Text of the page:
Rating: A

This is the second historical novel to feature Joanna Stafford, niece of the Duke of Buckingham and formerly a novice at Dartford Priory. The first was The Crown, in which Joanna was forced into the service of the powerful Bishop of Winchester, Stephen Gardiner in order to save the life of her father.

I don’t think it’s essential to have read that book first in order to fully appreciate this one, as the story stands alone, even though many of the historical figures we encounter appear in both. I regret to say that I haven’t read The Crown, but definitely intend to do so in the near future.

In The Chalice the English Reformation has led to the destruction of the religious way of life and Joanna, while still referred to as ‘Sister’ is no longer a novice nun. She continues to reside in Dartford, intent on starting a tapestry-weaving business; but as a member of a prominent family, related to both the King and the Duke of Norfolk, the powerful factions around her are not willing to leave her to a peaceful life in obscurity.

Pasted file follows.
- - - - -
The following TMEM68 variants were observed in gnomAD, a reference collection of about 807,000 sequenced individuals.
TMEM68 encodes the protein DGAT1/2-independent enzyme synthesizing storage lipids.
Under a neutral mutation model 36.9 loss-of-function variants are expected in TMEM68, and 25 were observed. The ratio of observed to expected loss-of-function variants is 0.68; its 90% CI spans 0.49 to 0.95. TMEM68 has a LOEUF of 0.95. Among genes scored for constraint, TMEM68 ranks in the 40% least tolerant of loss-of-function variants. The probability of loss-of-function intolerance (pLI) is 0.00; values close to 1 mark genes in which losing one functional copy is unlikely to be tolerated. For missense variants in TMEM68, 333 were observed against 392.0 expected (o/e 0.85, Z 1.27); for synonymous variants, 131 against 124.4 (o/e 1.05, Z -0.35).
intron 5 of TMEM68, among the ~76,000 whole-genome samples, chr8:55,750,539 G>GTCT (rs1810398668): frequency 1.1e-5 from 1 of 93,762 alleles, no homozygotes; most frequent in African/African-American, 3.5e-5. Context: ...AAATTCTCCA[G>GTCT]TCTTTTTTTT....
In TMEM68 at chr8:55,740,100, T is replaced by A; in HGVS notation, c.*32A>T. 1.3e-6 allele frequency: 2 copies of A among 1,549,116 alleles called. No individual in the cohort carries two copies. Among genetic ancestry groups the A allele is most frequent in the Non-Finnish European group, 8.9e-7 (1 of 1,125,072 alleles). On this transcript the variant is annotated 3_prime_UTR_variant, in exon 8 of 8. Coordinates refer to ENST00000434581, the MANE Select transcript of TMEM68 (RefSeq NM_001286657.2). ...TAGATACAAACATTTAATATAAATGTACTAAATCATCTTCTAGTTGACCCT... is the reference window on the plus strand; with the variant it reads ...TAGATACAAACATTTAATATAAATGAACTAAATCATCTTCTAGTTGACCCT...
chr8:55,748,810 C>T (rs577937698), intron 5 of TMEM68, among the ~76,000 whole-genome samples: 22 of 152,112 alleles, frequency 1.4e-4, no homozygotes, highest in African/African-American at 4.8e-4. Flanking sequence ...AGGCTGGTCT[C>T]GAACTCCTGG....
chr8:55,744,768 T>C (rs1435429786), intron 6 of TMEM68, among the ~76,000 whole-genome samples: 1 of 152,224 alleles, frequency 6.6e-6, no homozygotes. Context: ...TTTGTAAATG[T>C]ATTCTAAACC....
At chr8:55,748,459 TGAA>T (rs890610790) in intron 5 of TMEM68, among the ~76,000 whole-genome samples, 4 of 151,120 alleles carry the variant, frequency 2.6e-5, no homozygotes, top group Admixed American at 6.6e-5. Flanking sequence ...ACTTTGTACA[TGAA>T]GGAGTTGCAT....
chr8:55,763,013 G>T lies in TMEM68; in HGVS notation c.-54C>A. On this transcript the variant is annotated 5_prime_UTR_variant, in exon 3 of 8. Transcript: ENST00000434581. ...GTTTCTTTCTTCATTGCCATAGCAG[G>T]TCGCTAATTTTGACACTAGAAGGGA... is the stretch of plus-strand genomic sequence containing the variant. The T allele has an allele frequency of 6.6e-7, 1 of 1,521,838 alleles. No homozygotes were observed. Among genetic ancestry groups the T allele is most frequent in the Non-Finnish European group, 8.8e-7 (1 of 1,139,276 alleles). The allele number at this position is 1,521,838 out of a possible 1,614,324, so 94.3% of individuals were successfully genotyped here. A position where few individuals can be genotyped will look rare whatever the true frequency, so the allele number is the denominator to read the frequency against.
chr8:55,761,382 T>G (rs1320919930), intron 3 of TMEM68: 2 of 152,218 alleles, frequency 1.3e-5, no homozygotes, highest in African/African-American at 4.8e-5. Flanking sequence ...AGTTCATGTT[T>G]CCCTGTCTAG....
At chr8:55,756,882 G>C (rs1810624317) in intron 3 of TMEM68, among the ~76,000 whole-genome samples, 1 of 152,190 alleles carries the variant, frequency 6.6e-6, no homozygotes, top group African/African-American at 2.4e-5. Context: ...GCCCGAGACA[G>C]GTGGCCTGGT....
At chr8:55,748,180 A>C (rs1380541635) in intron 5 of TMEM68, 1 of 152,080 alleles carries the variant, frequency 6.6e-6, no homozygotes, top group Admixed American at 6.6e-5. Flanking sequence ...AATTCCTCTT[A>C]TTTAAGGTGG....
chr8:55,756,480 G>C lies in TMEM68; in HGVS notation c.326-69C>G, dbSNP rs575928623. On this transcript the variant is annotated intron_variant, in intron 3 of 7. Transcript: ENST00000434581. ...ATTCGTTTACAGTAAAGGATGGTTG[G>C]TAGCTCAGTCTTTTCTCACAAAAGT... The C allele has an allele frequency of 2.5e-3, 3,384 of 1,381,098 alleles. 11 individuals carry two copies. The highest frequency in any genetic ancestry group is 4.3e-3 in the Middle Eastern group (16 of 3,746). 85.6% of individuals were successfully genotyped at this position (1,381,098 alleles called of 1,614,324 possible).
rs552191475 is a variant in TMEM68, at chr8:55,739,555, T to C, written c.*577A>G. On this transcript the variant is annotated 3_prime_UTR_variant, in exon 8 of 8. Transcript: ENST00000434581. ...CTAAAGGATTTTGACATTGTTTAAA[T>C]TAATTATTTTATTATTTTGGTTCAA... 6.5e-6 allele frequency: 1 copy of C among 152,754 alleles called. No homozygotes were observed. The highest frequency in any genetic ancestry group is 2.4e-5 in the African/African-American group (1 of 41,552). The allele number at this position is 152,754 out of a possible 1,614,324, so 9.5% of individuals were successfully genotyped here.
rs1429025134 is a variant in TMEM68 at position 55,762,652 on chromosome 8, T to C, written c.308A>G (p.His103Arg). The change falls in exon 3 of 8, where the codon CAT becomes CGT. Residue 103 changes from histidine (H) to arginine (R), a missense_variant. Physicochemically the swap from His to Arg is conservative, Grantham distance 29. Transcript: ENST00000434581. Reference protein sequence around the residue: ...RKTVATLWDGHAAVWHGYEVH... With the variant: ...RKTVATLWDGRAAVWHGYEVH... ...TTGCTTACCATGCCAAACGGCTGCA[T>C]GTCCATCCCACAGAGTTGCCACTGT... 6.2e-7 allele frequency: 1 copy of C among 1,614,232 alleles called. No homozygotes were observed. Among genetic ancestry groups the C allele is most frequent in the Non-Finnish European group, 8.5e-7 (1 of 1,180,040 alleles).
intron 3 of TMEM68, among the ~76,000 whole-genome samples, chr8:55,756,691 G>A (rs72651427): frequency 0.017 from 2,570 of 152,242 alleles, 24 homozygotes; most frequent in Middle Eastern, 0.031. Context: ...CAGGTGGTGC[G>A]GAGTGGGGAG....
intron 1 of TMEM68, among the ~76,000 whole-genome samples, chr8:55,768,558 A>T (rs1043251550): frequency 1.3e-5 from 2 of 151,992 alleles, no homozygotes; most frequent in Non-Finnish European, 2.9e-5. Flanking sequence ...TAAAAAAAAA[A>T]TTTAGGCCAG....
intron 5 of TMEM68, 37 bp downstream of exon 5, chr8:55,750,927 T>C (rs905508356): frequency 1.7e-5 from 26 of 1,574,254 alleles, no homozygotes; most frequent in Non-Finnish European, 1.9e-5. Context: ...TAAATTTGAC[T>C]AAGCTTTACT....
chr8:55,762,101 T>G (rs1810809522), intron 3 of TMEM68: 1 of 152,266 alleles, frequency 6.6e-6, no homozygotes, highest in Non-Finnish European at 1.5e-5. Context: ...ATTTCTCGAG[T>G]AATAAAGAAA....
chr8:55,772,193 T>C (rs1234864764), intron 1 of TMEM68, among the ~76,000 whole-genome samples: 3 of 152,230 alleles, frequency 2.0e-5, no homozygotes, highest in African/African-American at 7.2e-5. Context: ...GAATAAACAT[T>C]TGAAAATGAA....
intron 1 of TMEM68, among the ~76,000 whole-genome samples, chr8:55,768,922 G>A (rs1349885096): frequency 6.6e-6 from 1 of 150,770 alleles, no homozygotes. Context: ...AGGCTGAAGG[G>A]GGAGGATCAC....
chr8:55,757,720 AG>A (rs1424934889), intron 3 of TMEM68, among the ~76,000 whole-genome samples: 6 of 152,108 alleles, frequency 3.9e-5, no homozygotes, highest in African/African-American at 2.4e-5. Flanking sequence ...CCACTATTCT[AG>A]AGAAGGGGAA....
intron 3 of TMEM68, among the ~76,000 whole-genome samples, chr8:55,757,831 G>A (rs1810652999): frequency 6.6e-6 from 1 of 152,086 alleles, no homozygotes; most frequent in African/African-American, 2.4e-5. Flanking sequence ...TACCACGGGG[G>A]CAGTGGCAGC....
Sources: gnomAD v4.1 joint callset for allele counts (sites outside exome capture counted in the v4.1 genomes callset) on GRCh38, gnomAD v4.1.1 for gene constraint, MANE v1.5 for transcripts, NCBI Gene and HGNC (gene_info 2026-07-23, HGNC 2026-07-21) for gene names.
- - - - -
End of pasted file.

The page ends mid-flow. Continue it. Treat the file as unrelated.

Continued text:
The story hinges on a prophecy made about ten years before the action of the book, in which Joanna was told that she would be the one to bring about a change in the fortunes of the Catholic Church in England and to undo all that Henry VIII had done to crush it. Despite her devotion to her faith, or perhaps because of it, Joanna wants nothing to do with the prophecy and in any case, does not see how someone as insignificant as she could possibly be destined for such an act.

The prophecy also tells that Joanna will need to meet with a further two seers in order to discern her course of action, something that she is determined never to do. But as events ten years later bring her into contact with the Exeters, Norfolk, Gardiner and the Spanish ambassador, it becomes clear that she is never going to be able to escape her destiny.

The plot is complex, but never confusing. Bilyeau’s writing is superb, and for the most part, well-paced; and in the character of Joanna Stafford, she has created an extremely likeable, multi-faceted heroine who is shown to be fallible as well as heroic. Joanna is devout, but it’s clear that she would have probably had trouble with vows of obedience. She has problems controlling her temper at times, and has an inquiring mind; perhaps not the best qualities in one expected to conform and submit without question. She is kind without being sugary-sweet, intelligent, but not all-knowing. Her impetuosity and honesty lead her into dangerous situations and attract the wrong sort of notice – yet she is brave, determined and self-possessed.